Everyone agrees that a quality education should be the right of all students. But what they disagree about is its definition (“A way forward for top-tier high schools: Expand the number of academic options in Queens, introduce an admissions lottery,” New York Daily News, Feb. 23).
What I mean is that a quality education is being restricted solely to an academic curriculum. But what about a vocational curriculum? Why doesn’t it qualify? Only in this country does vocational education occupy such a low status. In Germany, for example, students who lack the interest or aptitude for university are accorded great respect when they pursue an apprenticeship as part of their secondary education.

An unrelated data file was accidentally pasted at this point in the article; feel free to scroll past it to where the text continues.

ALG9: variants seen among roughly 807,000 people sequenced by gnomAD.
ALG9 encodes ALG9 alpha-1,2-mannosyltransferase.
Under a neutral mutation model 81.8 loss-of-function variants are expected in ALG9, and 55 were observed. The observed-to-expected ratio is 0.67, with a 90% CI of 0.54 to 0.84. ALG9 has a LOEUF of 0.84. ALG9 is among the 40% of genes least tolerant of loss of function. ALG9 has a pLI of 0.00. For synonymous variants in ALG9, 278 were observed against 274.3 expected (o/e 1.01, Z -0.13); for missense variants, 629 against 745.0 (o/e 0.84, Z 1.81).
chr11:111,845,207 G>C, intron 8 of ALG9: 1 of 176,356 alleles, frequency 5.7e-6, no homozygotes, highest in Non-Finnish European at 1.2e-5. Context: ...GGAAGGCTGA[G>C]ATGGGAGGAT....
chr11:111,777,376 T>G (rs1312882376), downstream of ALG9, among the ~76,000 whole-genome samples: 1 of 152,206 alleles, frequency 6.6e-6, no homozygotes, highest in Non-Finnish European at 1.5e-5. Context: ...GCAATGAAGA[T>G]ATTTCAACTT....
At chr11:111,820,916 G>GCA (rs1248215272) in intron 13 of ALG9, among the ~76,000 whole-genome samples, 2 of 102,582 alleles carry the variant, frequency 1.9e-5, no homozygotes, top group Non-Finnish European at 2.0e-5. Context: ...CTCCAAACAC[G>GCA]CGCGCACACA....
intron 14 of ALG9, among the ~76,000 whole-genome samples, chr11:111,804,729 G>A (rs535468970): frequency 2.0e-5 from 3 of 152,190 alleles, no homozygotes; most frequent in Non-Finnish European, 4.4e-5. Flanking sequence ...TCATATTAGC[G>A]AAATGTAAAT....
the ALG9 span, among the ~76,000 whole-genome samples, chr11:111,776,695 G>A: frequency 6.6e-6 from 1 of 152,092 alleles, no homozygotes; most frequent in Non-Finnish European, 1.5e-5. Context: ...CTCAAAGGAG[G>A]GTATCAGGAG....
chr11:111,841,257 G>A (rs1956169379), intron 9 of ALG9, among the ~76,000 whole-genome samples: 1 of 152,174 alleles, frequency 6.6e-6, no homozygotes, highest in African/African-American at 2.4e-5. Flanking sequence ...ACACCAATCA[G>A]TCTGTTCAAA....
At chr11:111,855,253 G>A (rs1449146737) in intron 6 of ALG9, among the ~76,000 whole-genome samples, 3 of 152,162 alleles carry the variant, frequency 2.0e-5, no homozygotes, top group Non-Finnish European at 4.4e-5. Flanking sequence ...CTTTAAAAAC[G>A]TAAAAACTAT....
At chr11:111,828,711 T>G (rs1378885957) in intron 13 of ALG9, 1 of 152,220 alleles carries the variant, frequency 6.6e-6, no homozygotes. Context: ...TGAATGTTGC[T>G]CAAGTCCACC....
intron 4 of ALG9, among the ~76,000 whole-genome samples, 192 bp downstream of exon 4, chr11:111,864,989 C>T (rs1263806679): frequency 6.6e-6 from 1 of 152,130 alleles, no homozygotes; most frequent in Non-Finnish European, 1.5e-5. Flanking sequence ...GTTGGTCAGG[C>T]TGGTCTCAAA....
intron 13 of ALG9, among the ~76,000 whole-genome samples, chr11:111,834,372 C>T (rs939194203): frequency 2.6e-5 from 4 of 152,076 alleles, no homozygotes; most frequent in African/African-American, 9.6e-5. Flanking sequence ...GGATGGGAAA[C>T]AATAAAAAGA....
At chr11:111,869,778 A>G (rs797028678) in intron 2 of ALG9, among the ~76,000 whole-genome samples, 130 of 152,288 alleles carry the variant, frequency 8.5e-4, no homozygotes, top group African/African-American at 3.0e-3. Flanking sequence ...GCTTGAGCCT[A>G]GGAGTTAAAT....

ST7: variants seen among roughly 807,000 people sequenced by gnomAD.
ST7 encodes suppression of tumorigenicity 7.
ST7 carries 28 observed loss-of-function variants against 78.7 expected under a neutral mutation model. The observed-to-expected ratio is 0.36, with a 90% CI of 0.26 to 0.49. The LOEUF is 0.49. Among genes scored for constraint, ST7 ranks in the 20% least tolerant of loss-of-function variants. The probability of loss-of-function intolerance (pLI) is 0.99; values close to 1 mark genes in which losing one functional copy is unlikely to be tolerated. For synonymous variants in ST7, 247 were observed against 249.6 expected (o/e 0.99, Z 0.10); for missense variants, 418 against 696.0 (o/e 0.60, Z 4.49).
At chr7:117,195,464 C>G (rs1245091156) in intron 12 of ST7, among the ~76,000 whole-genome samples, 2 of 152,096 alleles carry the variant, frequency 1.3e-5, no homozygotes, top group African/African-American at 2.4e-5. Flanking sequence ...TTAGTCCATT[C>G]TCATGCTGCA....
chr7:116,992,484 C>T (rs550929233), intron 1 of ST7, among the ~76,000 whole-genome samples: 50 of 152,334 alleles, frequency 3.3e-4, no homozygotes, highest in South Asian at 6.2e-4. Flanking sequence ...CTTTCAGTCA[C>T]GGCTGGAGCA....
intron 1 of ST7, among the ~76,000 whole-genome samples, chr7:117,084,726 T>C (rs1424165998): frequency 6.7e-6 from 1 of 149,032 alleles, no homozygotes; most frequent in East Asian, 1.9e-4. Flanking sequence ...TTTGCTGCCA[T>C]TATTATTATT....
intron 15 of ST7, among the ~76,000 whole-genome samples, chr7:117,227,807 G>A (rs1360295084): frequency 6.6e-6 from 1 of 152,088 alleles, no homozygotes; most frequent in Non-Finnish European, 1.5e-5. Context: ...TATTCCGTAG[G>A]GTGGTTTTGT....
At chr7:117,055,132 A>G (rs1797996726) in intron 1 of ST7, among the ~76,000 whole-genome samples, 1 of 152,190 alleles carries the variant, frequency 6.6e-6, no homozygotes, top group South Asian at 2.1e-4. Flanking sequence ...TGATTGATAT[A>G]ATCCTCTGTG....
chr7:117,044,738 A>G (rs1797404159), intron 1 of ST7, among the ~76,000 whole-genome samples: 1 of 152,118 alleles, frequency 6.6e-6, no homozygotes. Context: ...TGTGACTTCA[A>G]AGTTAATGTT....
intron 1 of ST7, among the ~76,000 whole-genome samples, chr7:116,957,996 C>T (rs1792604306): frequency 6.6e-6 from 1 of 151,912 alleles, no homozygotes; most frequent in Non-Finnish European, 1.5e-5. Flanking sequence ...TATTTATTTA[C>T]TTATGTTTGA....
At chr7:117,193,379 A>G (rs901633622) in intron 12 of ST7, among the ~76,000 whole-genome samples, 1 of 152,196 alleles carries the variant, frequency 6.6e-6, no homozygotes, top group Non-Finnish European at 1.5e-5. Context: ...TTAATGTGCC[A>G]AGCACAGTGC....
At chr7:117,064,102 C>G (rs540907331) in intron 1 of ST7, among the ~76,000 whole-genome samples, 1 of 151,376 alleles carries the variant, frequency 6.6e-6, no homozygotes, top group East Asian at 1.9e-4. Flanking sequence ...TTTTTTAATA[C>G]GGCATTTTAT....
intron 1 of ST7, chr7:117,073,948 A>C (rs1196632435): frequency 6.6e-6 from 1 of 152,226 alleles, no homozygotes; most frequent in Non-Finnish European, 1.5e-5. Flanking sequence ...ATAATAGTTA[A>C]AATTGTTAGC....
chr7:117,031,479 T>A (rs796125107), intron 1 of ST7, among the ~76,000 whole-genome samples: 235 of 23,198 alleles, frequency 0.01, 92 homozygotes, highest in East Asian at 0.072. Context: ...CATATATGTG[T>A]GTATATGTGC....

The bias against vocational education does a grave disservice to countless students who have been told that without a four-year college degree they have a bleak future.
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